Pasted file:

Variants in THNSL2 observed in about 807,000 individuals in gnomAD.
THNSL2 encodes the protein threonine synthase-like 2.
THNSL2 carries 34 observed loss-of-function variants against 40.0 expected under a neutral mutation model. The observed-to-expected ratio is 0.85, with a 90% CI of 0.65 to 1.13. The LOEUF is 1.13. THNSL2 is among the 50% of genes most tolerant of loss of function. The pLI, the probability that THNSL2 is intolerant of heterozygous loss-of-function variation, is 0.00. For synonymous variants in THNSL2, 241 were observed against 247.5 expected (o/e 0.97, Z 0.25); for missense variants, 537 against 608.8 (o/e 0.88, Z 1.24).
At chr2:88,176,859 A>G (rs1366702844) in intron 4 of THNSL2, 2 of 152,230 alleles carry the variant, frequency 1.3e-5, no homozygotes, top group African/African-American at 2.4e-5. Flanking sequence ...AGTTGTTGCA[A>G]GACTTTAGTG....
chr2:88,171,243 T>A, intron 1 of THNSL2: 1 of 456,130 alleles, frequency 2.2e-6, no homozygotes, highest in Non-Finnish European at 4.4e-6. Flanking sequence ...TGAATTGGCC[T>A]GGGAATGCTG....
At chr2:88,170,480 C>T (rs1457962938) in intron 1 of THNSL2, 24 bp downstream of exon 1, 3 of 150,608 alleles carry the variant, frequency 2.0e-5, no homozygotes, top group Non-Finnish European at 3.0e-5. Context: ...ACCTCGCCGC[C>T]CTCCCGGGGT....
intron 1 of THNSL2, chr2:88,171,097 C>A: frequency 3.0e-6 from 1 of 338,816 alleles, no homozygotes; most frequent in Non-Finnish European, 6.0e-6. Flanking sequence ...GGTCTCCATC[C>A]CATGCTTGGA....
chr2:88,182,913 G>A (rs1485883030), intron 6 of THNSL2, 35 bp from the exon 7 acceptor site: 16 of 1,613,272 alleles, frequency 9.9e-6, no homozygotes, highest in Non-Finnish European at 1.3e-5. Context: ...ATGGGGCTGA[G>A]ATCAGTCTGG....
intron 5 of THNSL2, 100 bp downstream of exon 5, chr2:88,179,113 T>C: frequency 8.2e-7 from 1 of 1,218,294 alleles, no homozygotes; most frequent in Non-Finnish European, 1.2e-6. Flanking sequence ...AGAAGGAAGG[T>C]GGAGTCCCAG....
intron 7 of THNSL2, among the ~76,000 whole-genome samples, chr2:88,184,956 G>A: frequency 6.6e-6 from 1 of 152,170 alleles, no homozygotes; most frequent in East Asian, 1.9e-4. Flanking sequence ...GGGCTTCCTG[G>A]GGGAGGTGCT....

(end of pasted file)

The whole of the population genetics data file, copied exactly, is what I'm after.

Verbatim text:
Variants in THNSL2 observed in about 807,000 individuals in gnomAD.
THNSL2 encodes the protein threonine synthase-like 2.
THNSL2 carries 34 observed loss-of-function variants against 40.0 expected under a neutral mutation model. The observed-to-expected ratio is 0.85, with a 90% CI of 0.65 to 1.13. The LOEUF is 1.13. THNSL2 is among the 50% of genes most tolerant of loss of function. The pLI, the probability that THNSL2 is intolerant of heterozygous loss-of-function variation, is 0.00. For synonymous variants in THNSL2, 241 were observed against 247.5 expected (o/e 0.97, Z 0.25); for missense variants, 537 against 608.8 (o/e 0.88, Z 1.24).
At chr2:88,176,859 A>G (rs1366702844) in intron 4 of THNSL2, 2 of 152,230 alleles carry the variant, frequency 1.3e-5, no homozygotes, top group African/African-American at 2.4e-5. Flanking sequence ...AGTTGTTGCA[A>G]GACTTTAGTG....
chr2:88,171,243 T>A, intron 1 of THNSL2: 1 of 456,130 alleles, frequency 2.2e-6, no homozygotes, highest in Non-Finnish European at 4.4e-6. Flanking sequence ...TGAATTGGCC[T>A]GGGAATGCTG....
At chr2:88,170,480 C>T (rs1457962938) in intron 1 of THNSL2, 24 bp downstream of exon 1, 3 of 150,608 alleles carry the variant, frequency 2.0e-5, no homozygotes, top group Non-Finnish European at 3.0e-5. Context: ...ACCTCGCCGC[C>T]CTCCCGGGGT....
intron 1 of THNSL2, chr2:88,171,097 C>A: frequency 3.0e-6 from 1 of 338,816 alleles, no homozygotes; most frequent in Non-Finnish European, 6.0e-6. Flanking sequence ...GGTCTCCATC[C>A]CATGCTTGGA....
chr2:88,182,913 G>A (rs1485883030), intron 6 of THNSL2, 35 bp from the exon 7 acceptor site: 16 of 1,613,272 alleles, frequency 9.9e-6, no homozygotes, highest in Non-Finnish European at 1.3e-5. Context: ...ATGGGGCTGA[G>A]ATCAGTCTGG....
intron 5 of THNSL2, 100 bp downstream of exon 5, chr2:88,179,113 T>C: frequency 8.2e-7 from 1 of 1,218,294 alleles, no homozygotes; most frequent in Non-Finnish European, 1.2e-6. Flanking sequence ...AGAAGGAAGG[T>C]GGAGTCCCAG....
intron 7 of THNSL2, among the ~76,000 whole-genome samples, chr2:88,184,956 G>A: frequency 6.6e-6 from 1 of 152,170 alleles, no homozygotes; most frequent in East Asian, 1.9e-4. Flanking sequence ...GGGCTTCCTG[G>A]GGGAGGTGCT....